tional hardening. in which the material starts to yield. There are different
Fig. 1 shows the input required to build up a new mate- models to define the yield surface. Models by Tresca, von
rial. The flow curve is described by a hardening function Mises, Hill, Barlat, and Banabic are widely used to define
as defined by Ludwik, Swift, Ghosh, Hockett-Sherby, Swift/ the yield surface [8]. Von Mises and Tresca assume that the
Hockett-Sherby and an approximation of tensile test data. material is homogenous, i. e. it is ‘isotropic’. In reality, the
microstructure of the sheet metal depends on the rolling
operation, which results in the directional dependency in
2.4 Anisotropy the plastic properties (r-value). Fig. 1 shows the Hill, Barlat,
and Banabic yield criterion to define the anisotropic yield
Anisotropy (r-value or Lankford value) is an important prop- surface correctly. In an anisotropic yield function, sheet
erty for deep drawing and plays a key role in the formability metals are considered to be orthotropic.
of sheets. The anisotropy is the variation in material prop-
erties with respect to the direction due to the variation of
the microstructure. In the rolling process, grains are elon- 2.6 Forming Limit Diagram
gated in the direction of rolling, so microstructural variation
happens. r-values are calculated from the uniaxial tensile The forming limit diagram (FLD) is extensively used in sheet
test by measuring strain in length and cross direction metal applications for a failure prediction. The curve repre-
sents the maximum values of principle strains ε1 and ε2 de-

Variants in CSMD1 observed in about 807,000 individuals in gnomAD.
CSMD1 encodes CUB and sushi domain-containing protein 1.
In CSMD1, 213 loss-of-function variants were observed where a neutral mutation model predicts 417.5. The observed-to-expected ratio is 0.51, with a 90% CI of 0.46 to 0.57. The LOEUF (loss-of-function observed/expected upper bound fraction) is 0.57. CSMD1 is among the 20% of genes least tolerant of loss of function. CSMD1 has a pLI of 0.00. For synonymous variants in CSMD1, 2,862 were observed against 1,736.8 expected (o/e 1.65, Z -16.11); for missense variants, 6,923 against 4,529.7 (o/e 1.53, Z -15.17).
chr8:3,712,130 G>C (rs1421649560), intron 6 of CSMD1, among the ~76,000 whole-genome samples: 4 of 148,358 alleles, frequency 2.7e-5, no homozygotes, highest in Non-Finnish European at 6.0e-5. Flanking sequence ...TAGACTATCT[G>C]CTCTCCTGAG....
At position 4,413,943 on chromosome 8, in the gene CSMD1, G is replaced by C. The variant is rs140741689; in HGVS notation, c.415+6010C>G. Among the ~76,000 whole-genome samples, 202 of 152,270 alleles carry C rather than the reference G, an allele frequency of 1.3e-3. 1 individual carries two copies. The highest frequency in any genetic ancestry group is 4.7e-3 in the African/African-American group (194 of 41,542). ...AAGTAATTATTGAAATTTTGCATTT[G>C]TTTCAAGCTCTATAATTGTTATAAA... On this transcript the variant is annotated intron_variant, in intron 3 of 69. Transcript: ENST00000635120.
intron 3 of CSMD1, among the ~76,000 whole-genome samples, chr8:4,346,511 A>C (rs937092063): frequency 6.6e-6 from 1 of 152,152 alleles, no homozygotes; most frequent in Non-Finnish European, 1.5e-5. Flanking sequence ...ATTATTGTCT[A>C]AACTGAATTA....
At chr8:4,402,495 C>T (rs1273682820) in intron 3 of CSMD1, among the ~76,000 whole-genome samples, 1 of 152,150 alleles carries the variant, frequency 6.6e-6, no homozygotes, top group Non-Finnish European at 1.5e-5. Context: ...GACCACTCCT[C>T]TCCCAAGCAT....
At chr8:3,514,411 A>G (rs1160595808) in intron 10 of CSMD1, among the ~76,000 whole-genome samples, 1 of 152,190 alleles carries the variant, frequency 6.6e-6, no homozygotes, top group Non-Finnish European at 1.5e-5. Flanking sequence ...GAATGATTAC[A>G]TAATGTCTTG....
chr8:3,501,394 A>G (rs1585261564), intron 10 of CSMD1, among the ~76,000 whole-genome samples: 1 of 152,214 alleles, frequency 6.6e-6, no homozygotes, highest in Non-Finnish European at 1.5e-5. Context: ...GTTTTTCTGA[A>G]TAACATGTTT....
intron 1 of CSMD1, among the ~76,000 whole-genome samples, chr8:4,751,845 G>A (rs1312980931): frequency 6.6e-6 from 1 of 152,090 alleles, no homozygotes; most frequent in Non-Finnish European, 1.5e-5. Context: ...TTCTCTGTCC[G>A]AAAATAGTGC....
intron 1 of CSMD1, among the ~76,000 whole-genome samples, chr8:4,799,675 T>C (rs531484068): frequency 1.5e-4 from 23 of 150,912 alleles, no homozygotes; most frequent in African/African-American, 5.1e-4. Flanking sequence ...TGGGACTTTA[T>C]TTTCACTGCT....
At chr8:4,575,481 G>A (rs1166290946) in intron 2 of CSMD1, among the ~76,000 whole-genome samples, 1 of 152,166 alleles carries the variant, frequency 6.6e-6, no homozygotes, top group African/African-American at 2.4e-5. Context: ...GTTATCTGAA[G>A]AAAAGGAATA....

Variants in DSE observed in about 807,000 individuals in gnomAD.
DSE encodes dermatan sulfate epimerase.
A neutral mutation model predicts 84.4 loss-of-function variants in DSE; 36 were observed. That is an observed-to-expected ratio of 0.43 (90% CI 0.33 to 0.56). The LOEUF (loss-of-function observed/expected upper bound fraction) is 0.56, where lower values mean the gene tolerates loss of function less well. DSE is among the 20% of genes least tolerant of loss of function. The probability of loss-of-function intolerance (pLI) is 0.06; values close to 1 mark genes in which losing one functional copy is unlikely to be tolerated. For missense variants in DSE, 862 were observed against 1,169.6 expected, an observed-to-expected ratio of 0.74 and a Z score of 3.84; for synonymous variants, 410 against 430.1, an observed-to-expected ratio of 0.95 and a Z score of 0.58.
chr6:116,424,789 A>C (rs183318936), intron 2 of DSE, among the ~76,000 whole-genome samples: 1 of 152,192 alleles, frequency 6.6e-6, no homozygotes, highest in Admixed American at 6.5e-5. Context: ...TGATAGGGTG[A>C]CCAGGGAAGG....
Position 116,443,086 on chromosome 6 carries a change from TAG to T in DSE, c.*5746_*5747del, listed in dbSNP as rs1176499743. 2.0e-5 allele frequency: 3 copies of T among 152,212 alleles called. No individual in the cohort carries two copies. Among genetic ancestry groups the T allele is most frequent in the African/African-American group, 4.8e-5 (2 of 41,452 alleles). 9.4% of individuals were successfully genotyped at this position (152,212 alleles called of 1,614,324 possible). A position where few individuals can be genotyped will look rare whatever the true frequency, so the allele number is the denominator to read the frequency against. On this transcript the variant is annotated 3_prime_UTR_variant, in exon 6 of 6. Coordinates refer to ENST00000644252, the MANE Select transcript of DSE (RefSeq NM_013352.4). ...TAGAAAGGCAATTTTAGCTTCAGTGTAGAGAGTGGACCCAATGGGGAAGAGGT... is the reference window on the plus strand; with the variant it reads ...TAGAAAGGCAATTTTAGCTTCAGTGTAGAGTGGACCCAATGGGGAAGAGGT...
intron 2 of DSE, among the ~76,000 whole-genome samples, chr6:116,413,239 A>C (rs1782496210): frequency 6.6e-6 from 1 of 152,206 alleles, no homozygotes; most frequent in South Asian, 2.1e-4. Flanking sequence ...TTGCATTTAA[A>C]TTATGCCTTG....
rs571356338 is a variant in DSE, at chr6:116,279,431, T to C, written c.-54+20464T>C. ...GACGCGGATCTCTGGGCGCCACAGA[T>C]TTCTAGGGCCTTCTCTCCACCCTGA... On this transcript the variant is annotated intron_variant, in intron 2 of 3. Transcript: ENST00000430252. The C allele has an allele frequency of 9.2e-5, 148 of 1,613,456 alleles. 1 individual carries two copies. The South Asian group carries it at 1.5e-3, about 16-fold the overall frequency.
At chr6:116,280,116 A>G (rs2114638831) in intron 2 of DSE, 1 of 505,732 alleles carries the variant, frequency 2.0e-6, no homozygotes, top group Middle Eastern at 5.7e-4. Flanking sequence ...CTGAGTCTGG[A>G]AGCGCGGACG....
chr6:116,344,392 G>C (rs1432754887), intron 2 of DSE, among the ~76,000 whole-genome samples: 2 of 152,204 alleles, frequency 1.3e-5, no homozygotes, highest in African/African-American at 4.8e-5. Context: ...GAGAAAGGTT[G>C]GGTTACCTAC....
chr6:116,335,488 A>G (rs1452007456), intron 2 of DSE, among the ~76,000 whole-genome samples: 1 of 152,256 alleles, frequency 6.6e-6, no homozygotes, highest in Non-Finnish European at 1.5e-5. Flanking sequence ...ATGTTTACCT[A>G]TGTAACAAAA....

ln w
True width strain termined by measuring the strains at material failure. The
r (Normal Anisotropy) = i
ln ttf true thickness strain different methods for determining the forming limit curve
have been proposed by the Nakazima test, hydraulic bulge
test, Marciniak test, and others [9]. At LUT, a Zwick BUP
w width of the sheet [mm] 200 system is taken to measure FLDs in combination with
t thickness of the sheet [mm] an optical device, a GOM Aramis system, to measure the
strain field on the test sample and to determine the major
r = 1 means that both strains are equal, which is called strains at the begin of necking.
isotropic hardening. Generally, for aluminium alloys, r-val- Fig. 1 shows the five different options available to gen-
ues are less than unity, whereas r-values for steel sheets erate FLC in AutoForm. The Keeler model is used for low
greater than 2 are not uncommon. Hypothetically, when carbon steels. The Arcelor V9 FLC model is used for steels
R = ∞, then the thickness strain is zero, which means that having a tensile strength ranging from 260 to 1500 MPa
there will be no thinning during the tensile deformation, and sheet thicknesses ranging from 0.5 to 3.5 mm. For the